Thursday, May 30, 2013

The sound of music

No, I'm not referring to Ms Andrews' sublime petticoat-twirling routine through flowery Austrian meadows in the film of that name (which is why the title’s not in capitals), I'm actually addressing the ways in which rhythm is relevant to the writer. From perusing submissions and also from reading the work of numerous first-time authors, it's become obvious to me just how much this skill is rapidly disappearing.

But what do I mean?

I want you to consider key scenes from a variety of classic films you've seen over the years. Once you've got them in your mind, try to remember the music that was being played (Youtube or Vimeo will probably fill in the blanks). Listen carefully to it - what message is the music sending?

Don't think this is trivial or irrelevant because it isn't. It's on public record how many tens of millions film companies spend on a movie’s production. With all that cash at stake, it’s not surprising that not-so-small fortunes have been invested in learning the psychology of what type of music makes a scene - such as tonal range, harmony and rhythm.

Here are just a few of the adjectives which can be used to describe a soundtrack:
  • Soaring
  • Whimsical
  • Frenetic
  • Low-key
  • Lively
  • Staccato
How and when these tempos and styles are applied makes a huge difference to the audience's perception of the film. Mix them up and you change the very nature of the atmosphere.

Now apply those same adjectives to sentence length and structure. What does a paragraph like this tell you? What message am I sending? It's important. It's urgent. Act now. Do something! Short and snappy sentences indicate urgency, speed, action under pressure etc. They should be used sparingly in tense situations.

Long, sprawling sentences, on the other hand, are great for descriptive pieces, setting the scene or describing some important detail. Take delight in their length and stretch your vocabulary accordingly to create a kaleidoscopic Technicolor image.

Sentences which are all of a similar length and construction e.g. 'subject-verb-object' or 'subject-verb' for intransitive verbs also (through their simplicity) indicate action - often of a sinister nature when there's not even anything sinister going on. "The ball bounces. The child catches it. She smiles." What's coming next? There are no clues but the reader is being prepared for something out-of-the-ordinary and quite possibly terrifying.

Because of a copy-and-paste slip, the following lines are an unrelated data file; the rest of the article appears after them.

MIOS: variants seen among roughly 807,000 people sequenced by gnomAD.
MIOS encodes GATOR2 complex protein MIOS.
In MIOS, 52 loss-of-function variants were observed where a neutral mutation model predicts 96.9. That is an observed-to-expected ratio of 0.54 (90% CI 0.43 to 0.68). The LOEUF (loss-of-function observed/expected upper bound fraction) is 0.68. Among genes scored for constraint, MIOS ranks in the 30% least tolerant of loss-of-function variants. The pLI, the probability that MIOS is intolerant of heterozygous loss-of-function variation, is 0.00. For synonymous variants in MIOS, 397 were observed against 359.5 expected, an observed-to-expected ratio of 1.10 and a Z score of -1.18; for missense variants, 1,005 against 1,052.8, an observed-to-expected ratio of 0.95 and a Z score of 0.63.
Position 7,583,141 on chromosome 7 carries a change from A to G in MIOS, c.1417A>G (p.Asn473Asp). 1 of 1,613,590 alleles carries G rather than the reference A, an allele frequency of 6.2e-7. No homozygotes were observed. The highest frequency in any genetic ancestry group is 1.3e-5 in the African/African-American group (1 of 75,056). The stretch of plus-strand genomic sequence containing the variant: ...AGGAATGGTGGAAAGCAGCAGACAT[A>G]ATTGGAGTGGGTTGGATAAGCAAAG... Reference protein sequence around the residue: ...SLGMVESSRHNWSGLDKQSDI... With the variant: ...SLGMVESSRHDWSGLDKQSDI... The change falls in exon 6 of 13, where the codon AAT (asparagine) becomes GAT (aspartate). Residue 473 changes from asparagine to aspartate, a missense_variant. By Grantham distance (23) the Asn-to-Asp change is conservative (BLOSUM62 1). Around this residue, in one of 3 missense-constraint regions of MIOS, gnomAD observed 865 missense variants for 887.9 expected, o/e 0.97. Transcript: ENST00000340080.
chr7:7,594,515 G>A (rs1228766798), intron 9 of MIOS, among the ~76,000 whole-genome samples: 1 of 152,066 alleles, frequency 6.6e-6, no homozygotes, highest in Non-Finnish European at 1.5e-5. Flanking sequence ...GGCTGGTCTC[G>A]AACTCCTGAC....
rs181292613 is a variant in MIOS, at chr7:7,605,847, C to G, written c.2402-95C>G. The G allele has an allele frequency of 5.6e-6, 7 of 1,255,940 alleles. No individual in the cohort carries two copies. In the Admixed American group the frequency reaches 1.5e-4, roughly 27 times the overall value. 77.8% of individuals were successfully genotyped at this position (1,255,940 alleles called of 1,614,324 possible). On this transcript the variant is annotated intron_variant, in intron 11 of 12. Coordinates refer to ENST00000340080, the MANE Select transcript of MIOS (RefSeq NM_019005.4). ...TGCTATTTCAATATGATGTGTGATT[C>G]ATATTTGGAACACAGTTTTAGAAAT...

Think of the same sentence but now turned into just one, "The mottle-colored ball bounced gracefully into the air where then, descending in a perfect arc, the young girl's arm reached up, and anticipating the ball's motion, effortlessly closed her tiny fist around it. Clutching the ball to her chest, she beamed and giggled with the sheer pleasure of the moment." The first long sentences suggest a single fluid motion rather than the earlier staccato description while the second sentence confirms to the reader that their assumption that this is a happy occasion is correct.

That said, short sentences can be more memorable. The same film companies use them as hooks “An offer he can’t refuse”, “In space no-one can hear you scream”, “Shaken but not stirred, please”. Likewise your powerhouse statements should be short and punchy. Make them hit home. Don’t overegg the pudding, though. See what I mean?

In general, sentences should be of varying length and construction but the general trend needs to reflect the storyline in just the same way as the book's cover needs to be representative of its contents.

Great authors use rhythm to reinforce their stories. If you are to join their ranks, you need to master the art of hearing the music in your writing so that everything pulls in the same direction, maximizing the impact of your story and boosting the reader experience level.

You don't have to be like the Von Trapps but your ear does need to be attuned to your writing.

That just leaves me to say "So long, farewell."

As well as being an author and commercial writer, Clive West runs a company called Any Subject Books, a provider of a wide range of services to self-publishers. If you're a ghost-writer, cover designer, editor, interviewer, video producer or feel you offer any other publishing-related skills, check out their jobs page.

1 comment:

  1. I agree. Great prose has a rhythm which keeps on singing after we stop reading. Katherine Mansfield's short stories come to mind. she often broke rules to enhance the rhythm, began sentences with And. And they worked,